In the pipe world we talk a lot about pipe lighters, whether they be IM Coronas, Kiribis, or the trusty old Zippo. But what exactly is a pipe lighter? Or, maybe more to the point, what makes a pipe lighter distinct from any other lighter?
Some lighters come with additional bells and whistles for the pipe smoker on the go, and these are great, but at its core a pipe lighter is a pipe lighter because of its flame — it has to be soft, and it has to be at an angle that lends itself to ease of lighting a pipe. A "torch" lighter is most certainly going to char your rim, while a standard upright flame, found on say, a Bic, is likely to burn your fingers, or even char your rim, depending on how much trouble you have centering it.
In pipe lighters there are two main types of fuel: butane and liquid fuel, both of which have their advantages (and, as with all things, disadvantages).
The standard liquefied gas fuel found in most lighters. Most pipe smokers prefer candle-flame butane lighters as they impart very little, if any, taste into the tobacco — the downside being that they also offers no wind resistance. So, lighting a pipe in even the slightest of breezes can be a frustrating experience, and these are often treated as indoors (or even formal dress) lighters. Nonetheless, butane is the most popular choice, and most pipe lighters use this fuel, including: Kiribi, IM Corona, Dunhill, and Peterson.
- Liquid Fuel
Liquid lighter fuel, or naphtha, makes for a more wind-resistant fuel source, but is also known to impart a noticeable taste. Some devotees to the Zippo insist that this can be minimized by allowing the flame to "burn off" a bit before applying it to tobacco. Currently the Zippo is the main brand using liquid fuel, though in the past both Nimrod and Beattie used this fuel, amongst others.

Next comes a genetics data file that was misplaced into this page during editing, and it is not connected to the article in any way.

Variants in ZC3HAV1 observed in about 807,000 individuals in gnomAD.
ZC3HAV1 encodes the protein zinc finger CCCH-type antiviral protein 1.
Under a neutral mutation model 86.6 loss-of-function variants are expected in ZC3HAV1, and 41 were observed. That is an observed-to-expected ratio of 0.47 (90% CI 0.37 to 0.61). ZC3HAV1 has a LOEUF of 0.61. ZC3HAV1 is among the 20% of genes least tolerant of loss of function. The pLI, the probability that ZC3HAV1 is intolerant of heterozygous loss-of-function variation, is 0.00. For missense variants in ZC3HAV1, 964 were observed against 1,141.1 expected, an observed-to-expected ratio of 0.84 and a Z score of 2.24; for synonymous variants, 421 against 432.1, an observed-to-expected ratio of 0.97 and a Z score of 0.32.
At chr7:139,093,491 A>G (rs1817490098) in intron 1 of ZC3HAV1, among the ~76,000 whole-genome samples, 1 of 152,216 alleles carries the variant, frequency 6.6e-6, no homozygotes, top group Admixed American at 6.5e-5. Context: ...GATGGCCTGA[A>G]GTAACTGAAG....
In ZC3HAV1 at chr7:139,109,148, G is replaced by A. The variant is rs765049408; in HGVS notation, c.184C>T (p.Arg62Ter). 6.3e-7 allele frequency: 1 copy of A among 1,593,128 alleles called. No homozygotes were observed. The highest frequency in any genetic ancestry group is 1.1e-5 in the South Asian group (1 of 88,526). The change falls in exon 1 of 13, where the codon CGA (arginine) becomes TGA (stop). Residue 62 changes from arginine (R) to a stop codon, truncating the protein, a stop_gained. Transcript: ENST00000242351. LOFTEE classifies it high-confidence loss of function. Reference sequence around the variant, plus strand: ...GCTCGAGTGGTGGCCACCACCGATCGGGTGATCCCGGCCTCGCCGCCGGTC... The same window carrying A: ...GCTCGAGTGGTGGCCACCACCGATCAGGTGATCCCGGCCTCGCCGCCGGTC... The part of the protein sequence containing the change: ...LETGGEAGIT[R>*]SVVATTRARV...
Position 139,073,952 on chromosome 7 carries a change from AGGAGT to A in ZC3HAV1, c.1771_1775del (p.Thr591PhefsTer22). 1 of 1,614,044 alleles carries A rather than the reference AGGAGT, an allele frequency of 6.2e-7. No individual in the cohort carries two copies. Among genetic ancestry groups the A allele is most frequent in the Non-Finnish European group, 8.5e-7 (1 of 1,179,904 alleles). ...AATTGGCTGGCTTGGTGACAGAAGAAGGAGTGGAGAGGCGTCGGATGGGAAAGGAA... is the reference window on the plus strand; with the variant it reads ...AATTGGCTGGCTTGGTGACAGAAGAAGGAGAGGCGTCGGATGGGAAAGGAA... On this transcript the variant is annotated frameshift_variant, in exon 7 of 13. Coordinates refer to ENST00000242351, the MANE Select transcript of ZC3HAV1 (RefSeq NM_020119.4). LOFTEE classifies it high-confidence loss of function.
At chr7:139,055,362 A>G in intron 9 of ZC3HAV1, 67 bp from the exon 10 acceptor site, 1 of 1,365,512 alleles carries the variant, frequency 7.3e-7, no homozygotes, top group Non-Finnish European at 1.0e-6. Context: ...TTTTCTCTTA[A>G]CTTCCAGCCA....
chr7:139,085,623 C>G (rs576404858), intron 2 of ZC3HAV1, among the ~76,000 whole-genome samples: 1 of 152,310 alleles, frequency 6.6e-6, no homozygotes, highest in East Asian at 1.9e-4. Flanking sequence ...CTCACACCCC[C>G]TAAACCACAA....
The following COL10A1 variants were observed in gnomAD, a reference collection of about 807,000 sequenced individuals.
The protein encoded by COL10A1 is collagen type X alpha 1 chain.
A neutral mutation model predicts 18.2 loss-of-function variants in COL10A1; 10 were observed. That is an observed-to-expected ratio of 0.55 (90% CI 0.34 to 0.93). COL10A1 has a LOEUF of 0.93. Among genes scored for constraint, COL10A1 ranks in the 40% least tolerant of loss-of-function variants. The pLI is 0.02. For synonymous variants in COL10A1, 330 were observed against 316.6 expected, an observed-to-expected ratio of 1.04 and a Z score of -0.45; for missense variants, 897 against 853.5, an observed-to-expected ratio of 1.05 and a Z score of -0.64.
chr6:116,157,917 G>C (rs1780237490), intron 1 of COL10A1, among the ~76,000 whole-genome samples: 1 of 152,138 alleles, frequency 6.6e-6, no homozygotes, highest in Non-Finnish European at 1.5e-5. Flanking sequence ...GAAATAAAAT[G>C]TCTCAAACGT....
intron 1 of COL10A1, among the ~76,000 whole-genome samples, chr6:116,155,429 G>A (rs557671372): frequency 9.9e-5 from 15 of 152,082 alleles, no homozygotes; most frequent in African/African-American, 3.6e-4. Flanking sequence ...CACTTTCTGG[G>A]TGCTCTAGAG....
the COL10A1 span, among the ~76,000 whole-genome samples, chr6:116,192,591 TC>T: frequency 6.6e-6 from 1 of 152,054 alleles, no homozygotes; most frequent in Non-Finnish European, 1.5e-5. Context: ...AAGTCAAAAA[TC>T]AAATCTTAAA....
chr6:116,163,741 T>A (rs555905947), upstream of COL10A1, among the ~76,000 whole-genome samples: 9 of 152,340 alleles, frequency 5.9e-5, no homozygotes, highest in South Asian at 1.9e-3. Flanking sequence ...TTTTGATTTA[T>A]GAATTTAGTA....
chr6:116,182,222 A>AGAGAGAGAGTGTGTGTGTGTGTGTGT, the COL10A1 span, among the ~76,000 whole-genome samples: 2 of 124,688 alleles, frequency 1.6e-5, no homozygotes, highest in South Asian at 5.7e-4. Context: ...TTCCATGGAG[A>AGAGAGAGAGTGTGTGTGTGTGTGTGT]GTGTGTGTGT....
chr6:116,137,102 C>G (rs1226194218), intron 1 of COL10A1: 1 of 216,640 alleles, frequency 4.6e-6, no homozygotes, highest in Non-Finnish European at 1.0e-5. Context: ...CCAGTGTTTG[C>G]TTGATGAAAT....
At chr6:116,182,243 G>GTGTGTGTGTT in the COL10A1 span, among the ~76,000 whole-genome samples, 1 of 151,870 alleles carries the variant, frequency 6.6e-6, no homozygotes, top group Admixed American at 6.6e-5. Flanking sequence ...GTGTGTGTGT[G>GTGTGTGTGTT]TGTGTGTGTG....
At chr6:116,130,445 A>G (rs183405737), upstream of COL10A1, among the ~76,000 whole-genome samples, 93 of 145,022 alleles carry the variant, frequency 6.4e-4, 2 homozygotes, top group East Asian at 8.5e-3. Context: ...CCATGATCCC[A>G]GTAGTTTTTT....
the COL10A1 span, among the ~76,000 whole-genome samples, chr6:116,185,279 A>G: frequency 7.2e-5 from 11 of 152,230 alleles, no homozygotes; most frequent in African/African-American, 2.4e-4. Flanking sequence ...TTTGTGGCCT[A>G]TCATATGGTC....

Lighting mechanisms, as with lighter fuels, come in two distinct flavours.
Flint-wheel mechanisms use a textured spark wheel to scrape against a piece of flint, creating a spark that ignites the fuel source. Excepting more extreme factors such as high wind or getting the wheel itself soaked, flint-wheels are incredibly reliable, and as such are the most popular choice. Even an old lighter found with a patina of rust on the wheel will often start sparking again after just a few tries. Coronas (except the PipeMaster), Kiribis, Dunhills, Petersons, and yes, Zippos, of course, all use the flint-wheel mechanism.
An electronic, or more properly piezoelectric lighting mechanism consists of a spring loaded hammer which strikes a piezoelectric crystal, generally quartz, creating a sufficiently high voltage current that then flows across a spark gap, igniting the fuel source. This ignition type is used in lighters such as the Xikar Pipeline, Corona Pipemaster or pretty much any of the Lotus lighters, though the Lotus are generally torch lighters made for use with cigars.
A number of pipe lighters, such as the Kiribi Ohgi and Corona Laurel, will come with pipe tools built in. Some slide out from a compartment in the base while others swing out from the side, rather like a Swiss Army knife.
That's pretty much the long and short of it. What lighter you eventually go with is up to your specific tastes and circumstances, but at least now you'll be forearmed before making what can be a considerable (but ultimately worthwhile) investment. On that final note, let me leave you with some oddities from past and present — lighters that cross one bridge or another or are just kind of cool.
- Vector Thunderbird
The Thunderbird is an insert for the Zippo, much like Zippo's own pipe insert, but one that uses butane instead of naphtha. It slides into any standard Zippo case and is designed for those that want the look of a Zippo without the taste that Naphtha can impart.
- Lotus 25 Dual Flame
Sports both a soft butane flame and torch lighter — perfect for the smoker of both cigars and pipes.
- Nimrod Pipeliter
This liquid fuel lighter resembled a nut and bolt, featured a chimney (much like the Zippo pipe lighter), and was lit by holding a thumb on the spark wheel whilst pulling the lighter apart.